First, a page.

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Appendix D. Differences from ECMA-262 and JavaScript

Naturally this book has focused on the intricacies of ActionScript, but if you own O'Reilly's excellent JavaScript: The Definitive Guide, you'll notice that the reference section of the two books share many similarities.

Although ActionScript, like JavaScript, is based on the ECMA-262 standard, certain differences were necessitated by the constraints of Player size and backward compatibility. If porting code from JavaScript, Jscript, or another ECMA-262-based language, you'll find Table D-1 valuable. It summarizes the intentional differences between ECMA-262, JavaScript, and Flash 5 ActionScript. Likewise, if porting ActionScript to another language, you'll be better able to avoid the pitfalls caused by ActionScript's deviation from the ECMA-262 standard.

Table D-1 reflects the intentional differences between Flash 5 ActionScript and the ECMA-262 standard. It does not reflect any bugs that may exist in its attempted implementation of the standard.

Table D-1. Differences Between ECMA-262, JavaScript, and ActionScript



String-to-Boolean conversion

In ECMA-262, all nonempty strings convert to true. In Flash 5, only the strings that can be converted to a valid nonzero number convert to true.

Case sensitivity

The ECMA-262 specification demands complete case sensitivity. In ActionScript, keywords are case-sensitive but identifiers are not. See Chapter 14, "Lexical Structure", especially Table 14-1.

Function scope

When a function from one timeline is assigned to a variable in a different movie clip's timeline, the assigned function's scope chain changes to that variable's timeline. In ECMA-262, it's impossible to modify a function's scope chain through assignment; scope is determined permanently by the location of the function declaration statement.

Regular expressions

ActionScript does not support regular expressions.

Event handler names

Only object-based event handlers get their own named function in ActionScript (e.g., XML's onLoad( )). Movie clip event handlers are defined using onClipEvent (eventName), and button event handlers are defined using on (eventName). See "Event Handler Syntax" in Chapter 10, "Events and Event Handlers".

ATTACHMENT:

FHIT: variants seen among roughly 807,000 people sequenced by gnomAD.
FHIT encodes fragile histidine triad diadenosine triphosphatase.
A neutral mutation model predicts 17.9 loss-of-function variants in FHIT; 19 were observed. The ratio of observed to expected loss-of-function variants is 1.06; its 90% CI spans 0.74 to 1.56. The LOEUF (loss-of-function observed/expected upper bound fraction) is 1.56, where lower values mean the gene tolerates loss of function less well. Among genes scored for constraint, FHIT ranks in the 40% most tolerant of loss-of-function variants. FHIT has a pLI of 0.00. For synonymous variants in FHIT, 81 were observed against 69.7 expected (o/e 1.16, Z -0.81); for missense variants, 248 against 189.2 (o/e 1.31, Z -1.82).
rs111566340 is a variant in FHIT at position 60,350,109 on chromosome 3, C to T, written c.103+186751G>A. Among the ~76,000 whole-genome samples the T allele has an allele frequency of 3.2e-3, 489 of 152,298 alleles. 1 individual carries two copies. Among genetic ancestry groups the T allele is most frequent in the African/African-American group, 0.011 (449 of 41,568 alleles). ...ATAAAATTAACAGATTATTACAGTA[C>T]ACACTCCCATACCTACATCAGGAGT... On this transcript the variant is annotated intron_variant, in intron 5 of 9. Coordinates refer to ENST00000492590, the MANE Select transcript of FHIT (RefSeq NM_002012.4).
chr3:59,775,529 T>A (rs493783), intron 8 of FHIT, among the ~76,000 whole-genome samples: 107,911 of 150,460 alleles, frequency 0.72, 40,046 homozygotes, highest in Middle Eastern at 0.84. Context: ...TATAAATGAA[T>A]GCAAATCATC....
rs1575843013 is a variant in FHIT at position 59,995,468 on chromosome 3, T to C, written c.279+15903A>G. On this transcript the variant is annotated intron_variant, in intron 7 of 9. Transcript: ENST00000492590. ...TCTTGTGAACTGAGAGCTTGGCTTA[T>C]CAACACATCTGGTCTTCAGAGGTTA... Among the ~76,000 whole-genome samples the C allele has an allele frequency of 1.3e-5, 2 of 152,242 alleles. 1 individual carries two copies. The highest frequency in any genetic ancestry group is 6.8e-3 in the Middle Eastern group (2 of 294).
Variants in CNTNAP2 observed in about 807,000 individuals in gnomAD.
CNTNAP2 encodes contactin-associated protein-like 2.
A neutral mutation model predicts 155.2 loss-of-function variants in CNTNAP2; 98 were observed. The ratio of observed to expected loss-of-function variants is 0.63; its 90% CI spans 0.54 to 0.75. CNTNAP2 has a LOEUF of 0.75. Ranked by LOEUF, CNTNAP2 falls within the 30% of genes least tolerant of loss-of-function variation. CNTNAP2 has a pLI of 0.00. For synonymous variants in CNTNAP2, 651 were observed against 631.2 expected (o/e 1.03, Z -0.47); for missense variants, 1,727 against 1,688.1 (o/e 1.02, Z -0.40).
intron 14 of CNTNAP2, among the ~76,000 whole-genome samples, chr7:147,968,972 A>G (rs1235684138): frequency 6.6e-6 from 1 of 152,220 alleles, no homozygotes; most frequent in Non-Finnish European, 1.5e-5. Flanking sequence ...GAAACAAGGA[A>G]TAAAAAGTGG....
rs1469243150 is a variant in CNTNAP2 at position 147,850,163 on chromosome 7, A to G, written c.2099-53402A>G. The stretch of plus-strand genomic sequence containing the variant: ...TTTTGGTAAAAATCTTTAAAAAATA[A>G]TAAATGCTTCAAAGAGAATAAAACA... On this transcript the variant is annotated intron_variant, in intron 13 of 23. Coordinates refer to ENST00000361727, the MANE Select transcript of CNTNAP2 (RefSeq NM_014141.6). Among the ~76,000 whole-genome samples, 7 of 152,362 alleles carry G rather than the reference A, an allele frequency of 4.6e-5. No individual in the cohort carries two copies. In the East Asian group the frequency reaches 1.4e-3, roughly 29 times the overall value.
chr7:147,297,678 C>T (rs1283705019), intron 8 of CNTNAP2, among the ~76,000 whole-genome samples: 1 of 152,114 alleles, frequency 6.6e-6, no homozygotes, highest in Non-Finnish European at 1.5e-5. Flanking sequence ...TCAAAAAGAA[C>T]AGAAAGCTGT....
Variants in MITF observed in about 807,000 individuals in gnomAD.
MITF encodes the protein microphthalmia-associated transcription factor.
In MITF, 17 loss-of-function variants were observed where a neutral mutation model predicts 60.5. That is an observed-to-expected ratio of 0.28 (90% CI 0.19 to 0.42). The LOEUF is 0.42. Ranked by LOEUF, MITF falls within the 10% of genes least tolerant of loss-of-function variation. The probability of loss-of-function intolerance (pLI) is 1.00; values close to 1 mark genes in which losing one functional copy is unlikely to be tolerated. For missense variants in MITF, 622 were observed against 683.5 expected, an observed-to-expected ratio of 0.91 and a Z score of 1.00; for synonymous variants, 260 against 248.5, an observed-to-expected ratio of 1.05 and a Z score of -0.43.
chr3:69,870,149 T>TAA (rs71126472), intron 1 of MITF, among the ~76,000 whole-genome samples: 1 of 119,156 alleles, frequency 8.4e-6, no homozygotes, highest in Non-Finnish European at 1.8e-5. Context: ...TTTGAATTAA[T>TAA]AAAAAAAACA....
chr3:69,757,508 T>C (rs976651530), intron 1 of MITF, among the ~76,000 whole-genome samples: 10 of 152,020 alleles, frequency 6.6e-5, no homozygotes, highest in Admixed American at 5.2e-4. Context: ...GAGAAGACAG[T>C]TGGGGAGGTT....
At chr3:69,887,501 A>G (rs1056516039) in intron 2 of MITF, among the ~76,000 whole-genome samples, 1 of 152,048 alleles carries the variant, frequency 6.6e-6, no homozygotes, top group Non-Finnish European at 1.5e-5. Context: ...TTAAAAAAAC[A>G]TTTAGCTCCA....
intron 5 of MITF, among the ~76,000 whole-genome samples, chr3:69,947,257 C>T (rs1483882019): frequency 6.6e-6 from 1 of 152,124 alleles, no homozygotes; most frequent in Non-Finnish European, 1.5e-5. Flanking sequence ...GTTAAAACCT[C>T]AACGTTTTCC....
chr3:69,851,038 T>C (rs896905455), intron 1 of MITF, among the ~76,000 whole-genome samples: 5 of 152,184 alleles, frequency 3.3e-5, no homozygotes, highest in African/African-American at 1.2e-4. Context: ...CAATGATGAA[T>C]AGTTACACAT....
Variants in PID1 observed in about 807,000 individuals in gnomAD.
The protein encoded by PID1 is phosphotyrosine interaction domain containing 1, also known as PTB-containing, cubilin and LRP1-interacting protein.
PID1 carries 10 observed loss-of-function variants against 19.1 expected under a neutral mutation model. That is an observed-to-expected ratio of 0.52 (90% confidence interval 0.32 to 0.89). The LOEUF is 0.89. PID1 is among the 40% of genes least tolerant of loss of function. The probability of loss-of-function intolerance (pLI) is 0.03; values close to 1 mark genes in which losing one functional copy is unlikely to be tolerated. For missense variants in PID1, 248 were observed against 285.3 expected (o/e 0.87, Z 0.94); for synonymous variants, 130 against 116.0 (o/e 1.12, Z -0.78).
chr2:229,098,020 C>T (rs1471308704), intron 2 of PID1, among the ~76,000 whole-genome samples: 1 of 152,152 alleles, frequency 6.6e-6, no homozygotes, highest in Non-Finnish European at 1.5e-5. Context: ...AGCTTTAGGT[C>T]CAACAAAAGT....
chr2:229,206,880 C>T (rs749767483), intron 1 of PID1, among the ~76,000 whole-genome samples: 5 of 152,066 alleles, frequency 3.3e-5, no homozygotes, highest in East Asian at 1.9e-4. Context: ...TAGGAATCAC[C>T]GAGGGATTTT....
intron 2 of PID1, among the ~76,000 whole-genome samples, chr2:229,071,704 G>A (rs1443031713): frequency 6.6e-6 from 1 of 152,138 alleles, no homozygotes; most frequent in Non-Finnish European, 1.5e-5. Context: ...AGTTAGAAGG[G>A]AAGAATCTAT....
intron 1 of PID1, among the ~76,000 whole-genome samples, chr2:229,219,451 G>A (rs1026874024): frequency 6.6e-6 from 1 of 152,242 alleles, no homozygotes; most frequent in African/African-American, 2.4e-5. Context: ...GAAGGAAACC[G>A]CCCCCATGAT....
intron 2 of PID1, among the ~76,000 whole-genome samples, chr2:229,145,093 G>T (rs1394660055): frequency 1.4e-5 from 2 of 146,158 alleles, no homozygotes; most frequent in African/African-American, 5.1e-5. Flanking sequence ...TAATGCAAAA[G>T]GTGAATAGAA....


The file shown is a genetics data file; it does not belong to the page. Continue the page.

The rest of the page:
Global variables

ActionScript does not support true document-wide global variables. Global variables can be simulated by attaching properties to Object.prototype, as described under Section, "The end of the inheritance chain" in Chapter 12, "Objects and Classes".

The eval( ) function

ActionScript's eval( ) function supports a small subset of ECMA-262's intended functionality; it works only when its argument is an identifier and is used only to dynamically generate references to identifiers.

undefined datatype conversion

In ActionScript, the special undefined value converts to the empty string ("") when used in a string context and converts to the number when used in a numeric context. In ECMA-262, undefined converts to the string "undefined" in string contexts and to the numeric value NaN in numeric contexts.

The Function constructor

ActionScript does not support the Function constructor, which is used in JavaScript to create functions with the syntax new Function ( );.

Date object creation

ActionScript will not accept (i.e., will not parse) a human-readable date string such as "January 9, 2001" when creating a new Date object.

switch statement

ActionScript does not support the switch/case/default statements (used to phrase complex conditionals). See Section 7.4, "Simulating the switch Statement" in Chapter 7, "Conditionals".

Language support

ECMA-262 requires support of the Unicode character-encoding standard, which ActionScript does not support. ActionScript uses the Latin 1 and Shift-JIS character sets and implements a subset of Unicode-style functions and conventions (such as \u escape sequences).

Object model

Naturally, JavaScript includes built-in classes and objects that relate to web browsers, whereas Flash includes those that relate to Flash movies. For JavaScript programmers who are used to working with DHTML, it may be helpful to think of the main movie of a Flash document as being analogous to an HTML document object and movie clips as being analogous to layer objects.

Timed code execution

The setTimeout( ) and setInterval( ) methods of the JavaScript window object are not available in ActionScript but can be simulated with timeline and clip event loops as discussed in Chapter 8, "Loop Statements".

Object constructor

In Flash 5, the ActionScript constructor for the Object class does not accept any parameters. In ECMA-262, Object accepts a value parameter, which may be a Boolean, string, or number primitive.

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